Once the infection had been treated and was subsequently under control, the date for surgery was scheduled for 3 April at The Lister Hospital. The abdominal wall was intricately reconstructed using biological mesh; Mrs Murarji then spent four nights on the Critical Care Unit before returning to the ward. Mrs Murarji highly recommends The Lister Hospital staff that treated her, saying: “The all-round care I received was excellent. Everyone from the catering staff, who came to visit me daily to discuss my dietary needs, to the radiographers in the Imaging department, were kind and considerate. I was treated very well; I even received flowers when feeling low – I can’t thank them enough”.

Mrs Murarji observed the excellent communication between the surgeons that operated on her, Mr Shankar and Mr Floyd, along with Dr Bovill who provided her medical care: “The whole team were fantastic. As a network the hospital runs very efficiently. But most importantly they included my family in all discussions when present which was of great value to me. Dr Bovill and Mr Shankar were always at the end of the telephone line if I needed advice. Everybody joined hands to help me out.”

Once she was well enough to leave the hospital, Mrs Murarji spent a further three weeks recovering before feeling back to her old self. “I am taking things very easy now, but all my previous symptoms have disappeared. I am very lucky to have such a supportive family to assist me in my recovery - and to know that the team at The Lister Hospital are on-hand should I need any questions answering. This completes the excellent standard of service that I have never experienced in any other hospital”.

‘The staff were all fantastic. I received one to one care which couldn’t be bettered.’

Mrs Lesley Bell was admitted to The Lister Hospital in May 2014 under the care of Mr Shankar and Mr Floyd to undergo an abdominal wall reconstruction. The previous year had been somewhat tumultuous for Lesley: having had a large incisional hernia repair with mesh at her local NHS hospital in 2013, she had subsequently developed an intestinal leak that resulted in peritonitis and sepsis. So great was the protrusion from the hernia, Lesley was not only in extreme discomfort but also living with the knowledge that her intestines were ‘leaking’. Treatment therefore was intensive, Lesley required additional therapy in intensive care to reduce the infection; and further surgery was necessary to repair the trauma caused by her damaged intestine.

Having made the decision to undertake surgery at The Lister Hospital under the care of Mr Shankar and Mr Floyd, Lesley was undoubtedly nervous due to the serious nature of her previous emergency admissions to hospital. “Coming back into hospital for further surgery was a daunting experience. But Mr Shankar and Mr Floyd exuded such confidence. I felt secure in their hands and once I arrived at The Lister for my surgery, I actually relaxed. Moreover, I wasn’t nervous as I approached the anaesthetic room. My anaesthetist was outstanding: charming but with a very professional attitude, his duty of care and expertise put me at ease straight away.”

After five hours in theatre and surgery successfully complete, Lesley spent three nights on the Critical Care Unit before being transferred back to the ward. “The staff were all fantastic,” recalls Lesley. “They were almost telepathic in their ability to anticipate my needs. The nurses really wanted to help and if I rang the call bell I wouldn’t have to wait for more than a couple of minutes, which was in complete contrast to my experiences at the local hospital. I received one to one care which couldn’t be bettered: there was never a quibble or a problem. The catering staff in particular provided an excellent service, and were so upbeat.” Lesley received daily physiotherapy during her two week stay. Julia, her physiotherapist, provided the motivation necessary to greatly enhance Lesley’s confidence.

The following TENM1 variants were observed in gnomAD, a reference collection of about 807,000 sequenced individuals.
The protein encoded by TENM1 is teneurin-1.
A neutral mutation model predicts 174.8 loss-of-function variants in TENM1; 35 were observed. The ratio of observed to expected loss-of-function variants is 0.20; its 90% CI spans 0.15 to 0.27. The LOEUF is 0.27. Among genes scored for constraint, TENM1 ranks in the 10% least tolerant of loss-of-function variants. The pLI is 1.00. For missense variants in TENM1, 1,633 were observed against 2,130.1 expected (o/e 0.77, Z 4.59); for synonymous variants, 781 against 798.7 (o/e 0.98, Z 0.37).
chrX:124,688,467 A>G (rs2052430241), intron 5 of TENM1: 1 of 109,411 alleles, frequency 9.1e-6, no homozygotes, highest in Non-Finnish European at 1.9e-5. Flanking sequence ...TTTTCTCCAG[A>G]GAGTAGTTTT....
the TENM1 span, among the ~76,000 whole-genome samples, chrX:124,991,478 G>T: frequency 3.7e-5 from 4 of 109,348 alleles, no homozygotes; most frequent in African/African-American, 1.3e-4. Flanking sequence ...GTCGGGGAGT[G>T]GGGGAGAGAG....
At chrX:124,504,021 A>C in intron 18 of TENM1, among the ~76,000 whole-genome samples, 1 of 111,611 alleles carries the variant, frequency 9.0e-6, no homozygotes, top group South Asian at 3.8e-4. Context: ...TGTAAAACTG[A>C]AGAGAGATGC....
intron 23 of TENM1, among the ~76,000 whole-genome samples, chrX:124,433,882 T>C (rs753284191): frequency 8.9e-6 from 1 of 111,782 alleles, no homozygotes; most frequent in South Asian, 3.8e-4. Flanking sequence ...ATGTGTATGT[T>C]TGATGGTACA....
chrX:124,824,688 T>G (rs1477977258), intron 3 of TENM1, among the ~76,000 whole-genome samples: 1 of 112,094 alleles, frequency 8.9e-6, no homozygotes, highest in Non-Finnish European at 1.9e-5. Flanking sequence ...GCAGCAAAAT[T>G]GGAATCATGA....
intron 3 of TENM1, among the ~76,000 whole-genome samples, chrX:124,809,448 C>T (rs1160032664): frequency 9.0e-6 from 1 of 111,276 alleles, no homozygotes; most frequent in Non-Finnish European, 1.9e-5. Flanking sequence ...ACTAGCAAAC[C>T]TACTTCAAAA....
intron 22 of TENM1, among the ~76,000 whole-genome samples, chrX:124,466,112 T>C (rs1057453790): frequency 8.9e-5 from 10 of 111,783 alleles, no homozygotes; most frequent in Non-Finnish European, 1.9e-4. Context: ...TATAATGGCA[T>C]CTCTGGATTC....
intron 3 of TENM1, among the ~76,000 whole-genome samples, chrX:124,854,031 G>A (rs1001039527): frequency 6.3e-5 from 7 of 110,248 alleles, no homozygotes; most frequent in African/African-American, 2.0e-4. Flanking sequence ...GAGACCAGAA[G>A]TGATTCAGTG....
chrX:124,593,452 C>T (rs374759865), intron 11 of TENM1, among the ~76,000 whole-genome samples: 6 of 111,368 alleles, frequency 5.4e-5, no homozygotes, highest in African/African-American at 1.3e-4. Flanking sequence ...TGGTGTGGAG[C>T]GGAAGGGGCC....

Once discharged from The Lister Hospital, Lesley made steady progress in her recovery. “It’s still a work in progress but I feel so much more physically confident since my surgery. Thanks to the skill of the surgeons, my life has now changed beyond comparison. Mr Shankar and Mr Floyd really are at the top of their game. Their expertise is unrivalled.”

After his father died from cancer of the oesophagus and bowel cancer, Darren Barnes decided it would be prudent to have a check up himself. The first colonoscopy was clear but he was advised to have a check-up every five years; earlier this year an examination revealed some anomalies requiring more investigation and so he was sent for a CT scan.

He went back a week or two later for the results. “I wasn’t expecting to be told I had an eight centimetre mass which the doctor said ‘ought to come out sharpish!’ He mentioned the cancer word and things became a blur,” said Darren, who is now 42.

“I was in bits. Those ten days before I had more investigations were awful. I have a wife and two young kids – you can imagine.”

“I was sent to UCL and told I was going to be seen by Mr Arjun Shankar and so I activated my private medical insurance. Soon I was having tests at the Harley Street Clinic and then a date for the operation at The Lister Hospital was arranged. It was very quick but time for me to organise my affairs – just in case anything happened.”

Darren Barnes had a large tumour around his kidney and aorta. Mr Shankar organised a team to assist with the complex, lengthy operation which included the removal of the affected kidney.

 “The nurses at The Lister Hospital were excellent. I was in the Critical Care Unit for seven days and the staff were absolutely brilliant.” After another eight days on the ward, Darren went home and began the long journey back to good health. “Slowly but surely I am getting well again and I am now, three months on from the operation, able to walk my labrador for an hour or so each day, as well as mow the lawn!  People can’t believe it!